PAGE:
12

110 minutes
0

9 / 10 / 11 / 12
Career and Technical Education (CTE), Environmental Education

In this lesson, students assess the purpose and benefit of focusing on bioclimatic design to solve challenges posed by regional issues and to understand which LEED credits are emphasized in their region. To begin, students determine priorities for their local region and propose design strategies appropriate to addressing those priorities using the USGBC Regional Priority Credit database. Then, students work in groups to research the characteristics of regional climates in the United States as well as the related design considerations and solar potential. Finally, students consider what makes their homes, communities, and places unique, and they develop stories about a place of their choosing with the intent of inspiring classmates to better understand what makes their place special and worth protecting.

110 minutes
0

9 / 10 / 11 / 12
Career and Technical Education (CTE), Environmental Education

In this lesson, students take a closer look at how various construction techniques can influence indoor environmental quality. They identify building design, construction, and maintenance strategies that reduce indoor environmental hazards and promote a healthy indoor environment. Using the school as a case study, students evaluate potential air quality hazards and propose strategies for improving air quality throughout the school. Then they work together to design an elevator pitch to sell a solution to school administrators.

110 minutes
0

9 / 10 / 11 / 12
Career and Technical Education (CTE), Environmental Education

In this lesson, students identify how components of indoor environmental quality (IEQ) work together to create an ideal environment for occupants. First they list all the key topics and vocabulary they’ve learned in this module; then they build a mind map to process those concepts and explore interconnections. Students then apply this consolidated learning by creating a sketch for a classroom that has all the major components of IEQ. Students present their designs and conduct peer-to-peer evaluations to provide other groups with feedback on design strengths and strategies for improvement. To conclude the module, students discuss the ideas of synergies and trade-offs and why understanding these concepts is essential for a green builder.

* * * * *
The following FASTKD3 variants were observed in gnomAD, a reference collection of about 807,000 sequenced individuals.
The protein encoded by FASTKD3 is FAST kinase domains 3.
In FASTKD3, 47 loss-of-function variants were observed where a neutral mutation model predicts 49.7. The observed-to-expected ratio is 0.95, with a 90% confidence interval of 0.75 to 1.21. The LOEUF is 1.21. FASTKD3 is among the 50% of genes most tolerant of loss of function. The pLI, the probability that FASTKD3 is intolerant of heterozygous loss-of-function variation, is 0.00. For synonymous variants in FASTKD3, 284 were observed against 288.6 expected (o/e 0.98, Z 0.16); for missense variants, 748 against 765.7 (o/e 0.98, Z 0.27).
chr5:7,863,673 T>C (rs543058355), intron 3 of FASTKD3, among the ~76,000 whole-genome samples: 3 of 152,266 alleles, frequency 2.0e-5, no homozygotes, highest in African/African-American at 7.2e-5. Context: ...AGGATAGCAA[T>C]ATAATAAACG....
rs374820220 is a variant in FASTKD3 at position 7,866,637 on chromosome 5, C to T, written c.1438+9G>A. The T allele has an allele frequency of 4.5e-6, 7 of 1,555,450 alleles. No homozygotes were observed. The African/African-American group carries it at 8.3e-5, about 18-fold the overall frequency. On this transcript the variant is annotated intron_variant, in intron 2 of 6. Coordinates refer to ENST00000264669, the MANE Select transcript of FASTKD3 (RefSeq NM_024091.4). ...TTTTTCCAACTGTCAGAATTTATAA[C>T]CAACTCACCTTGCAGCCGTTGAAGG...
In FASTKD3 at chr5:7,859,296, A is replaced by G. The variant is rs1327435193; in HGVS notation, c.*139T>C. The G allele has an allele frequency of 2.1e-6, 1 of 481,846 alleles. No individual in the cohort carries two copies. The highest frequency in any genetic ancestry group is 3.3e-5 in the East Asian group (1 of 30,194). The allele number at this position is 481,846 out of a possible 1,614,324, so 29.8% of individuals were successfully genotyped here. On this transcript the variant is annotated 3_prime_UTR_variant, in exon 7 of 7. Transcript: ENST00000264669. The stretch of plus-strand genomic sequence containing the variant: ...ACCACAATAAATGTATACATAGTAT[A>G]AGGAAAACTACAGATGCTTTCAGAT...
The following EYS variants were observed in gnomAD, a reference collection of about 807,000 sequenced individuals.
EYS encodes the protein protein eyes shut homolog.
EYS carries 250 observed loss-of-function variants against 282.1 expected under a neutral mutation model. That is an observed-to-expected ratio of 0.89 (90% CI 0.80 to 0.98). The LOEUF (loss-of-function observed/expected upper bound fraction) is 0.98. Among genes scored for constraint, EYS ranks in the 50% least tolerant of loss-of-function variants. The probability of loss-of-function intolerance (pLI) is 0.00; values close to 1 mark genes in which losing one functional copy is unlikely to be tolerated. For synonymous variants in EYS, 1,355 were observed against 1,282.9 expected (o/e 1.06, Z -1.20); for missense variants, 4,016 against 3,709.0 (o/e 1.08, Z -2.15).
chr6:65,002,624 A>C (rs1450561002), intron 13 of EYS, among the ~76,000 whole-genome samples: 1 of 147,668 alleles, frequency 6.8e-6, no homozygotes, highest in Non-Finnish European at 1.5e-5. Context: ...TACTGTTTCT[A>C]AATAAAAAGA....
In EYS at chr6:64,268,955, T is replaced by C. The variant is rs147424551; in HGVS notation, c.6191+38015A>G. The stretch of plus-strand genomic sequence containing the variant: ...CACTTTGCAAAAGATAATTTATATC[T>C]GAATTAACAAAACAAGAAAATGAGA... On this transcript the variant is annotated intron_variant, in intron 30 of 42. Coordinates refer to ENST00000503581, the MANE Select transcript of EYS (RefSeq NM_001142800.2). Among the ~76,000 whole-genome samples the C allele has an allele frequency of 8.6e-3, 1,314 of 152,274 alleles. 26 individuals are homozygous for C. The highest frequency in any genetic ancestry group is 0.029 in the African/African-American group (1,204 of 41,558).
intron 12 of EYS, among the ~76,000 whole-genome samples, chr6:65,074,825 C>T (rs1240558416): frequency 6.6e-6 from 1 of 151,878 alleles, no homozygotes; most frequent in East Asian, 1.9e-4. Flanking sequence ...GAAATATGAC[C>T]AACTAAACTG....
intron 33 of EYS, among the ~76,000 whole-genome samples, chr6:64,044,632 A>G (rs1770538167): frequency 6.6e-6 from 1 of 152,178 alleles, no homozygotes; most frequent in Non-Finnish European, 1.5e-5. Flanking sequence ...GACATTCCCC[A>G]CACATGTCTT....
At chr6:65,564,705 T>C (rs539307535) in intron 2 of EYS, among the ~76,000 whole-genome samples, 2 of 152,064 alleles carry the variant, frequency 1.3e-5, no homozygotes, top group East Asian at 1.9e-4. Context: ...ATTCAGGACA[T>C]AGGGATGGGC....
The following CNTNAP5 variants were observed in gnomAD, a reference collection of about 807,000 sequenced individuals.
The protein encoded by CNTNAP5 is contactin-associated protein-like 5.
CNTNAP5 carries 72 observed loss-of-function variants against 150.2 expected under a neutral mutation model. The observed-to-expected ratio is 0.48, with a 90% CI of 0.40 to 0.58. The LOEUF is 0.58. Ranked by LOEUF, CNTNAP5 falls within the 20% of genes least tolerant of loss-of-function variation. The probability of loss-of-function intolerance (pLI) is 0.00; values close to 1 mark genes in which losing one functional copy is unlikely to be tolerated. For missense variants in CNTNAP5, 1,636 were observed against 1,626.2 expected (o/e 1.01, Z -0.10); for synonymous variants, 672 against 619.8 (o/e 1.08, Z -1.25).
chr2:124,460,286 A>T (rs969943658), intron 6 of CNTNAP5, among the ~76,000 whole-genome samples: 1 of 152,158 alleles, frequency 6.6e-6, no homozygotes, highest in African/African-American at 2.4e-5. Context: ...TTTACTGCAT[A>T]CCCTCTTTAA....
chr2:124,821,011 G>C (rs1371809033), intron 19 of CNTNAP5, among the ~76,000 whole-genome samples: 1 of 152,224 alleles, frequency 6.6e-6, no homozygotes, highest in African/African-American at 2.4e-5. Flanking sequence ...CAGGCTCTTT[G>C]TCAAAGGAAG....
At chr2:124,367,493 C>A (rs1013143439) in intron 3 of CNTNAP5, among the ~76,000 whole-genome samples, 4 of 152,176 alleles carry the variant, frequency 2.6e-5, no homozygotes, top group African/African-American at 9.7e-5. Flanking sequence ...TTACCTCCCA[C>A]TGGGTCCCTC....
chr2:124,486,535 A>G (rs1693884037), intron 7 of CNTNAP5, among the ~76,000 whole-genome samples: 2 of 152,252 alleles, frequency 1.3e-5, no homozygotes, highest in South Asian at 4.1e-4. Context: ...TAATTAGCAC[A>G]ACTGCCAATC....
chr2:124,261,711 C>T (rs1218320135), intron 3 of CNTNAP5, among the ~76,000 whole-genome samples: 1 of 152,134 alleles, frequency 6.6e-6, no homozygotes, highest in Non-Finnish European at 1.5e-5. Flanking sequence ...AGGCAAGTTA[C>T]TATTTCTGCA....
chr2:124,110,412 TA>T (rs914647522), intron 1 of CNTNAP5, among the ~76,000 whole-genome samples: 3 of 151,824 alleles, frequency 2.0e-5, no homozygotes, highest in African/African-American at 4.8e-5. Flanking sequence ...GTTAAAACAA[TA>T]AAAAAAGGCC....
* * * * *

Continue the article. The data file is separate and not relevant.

110 minutes
0

9 / 10 / 11 / 12
Career and Technical Education (CTE), Environmental Education

In this lesson, students finish exploring strategies to reduce material impacts throughout the building life cycle. The lesson revisits how different approaches to a building’s end of life determine whether a building life cycle is linear or cyclical. They apply what they’ve learned throughout the module to include demolition waste in a construction and waste management plant that diverts waste from the landfill. In addition, they examine how deconstruction can greatly increase the materials that can be salvaged and recycled. Students compare various strategies to create a sustainability spectrum for the end-of-life building stage. The lesson ends with students returning to their Sustainable Building Life Cycle Projects, which they began in Lesson 5.1, to take their designs to the next level by including regenerative methods. This final effort captures the essence of the LEED Material Resources Impact Category of promoting regenerative life cycles.

165 minutes
0

9 / 10 / 11 / 12
Career and Technical Education (CTE), Environmental Education

In this lesson, students examine building strategies—such as acoustic design, thermal design, air quality control, quality views, interior lighting, maintenance practices, and ergonomic furniture—that can increase occupant comfort, happiness, and productivity. They also investigate how occupant control over temperature and ventilation-regulation systems can improve the satisfaction and well-being of occupants. Then students conduct a school survey to gain a better understanding of occupant comfort and make recommendations for improving the indoor environmental quality of the school.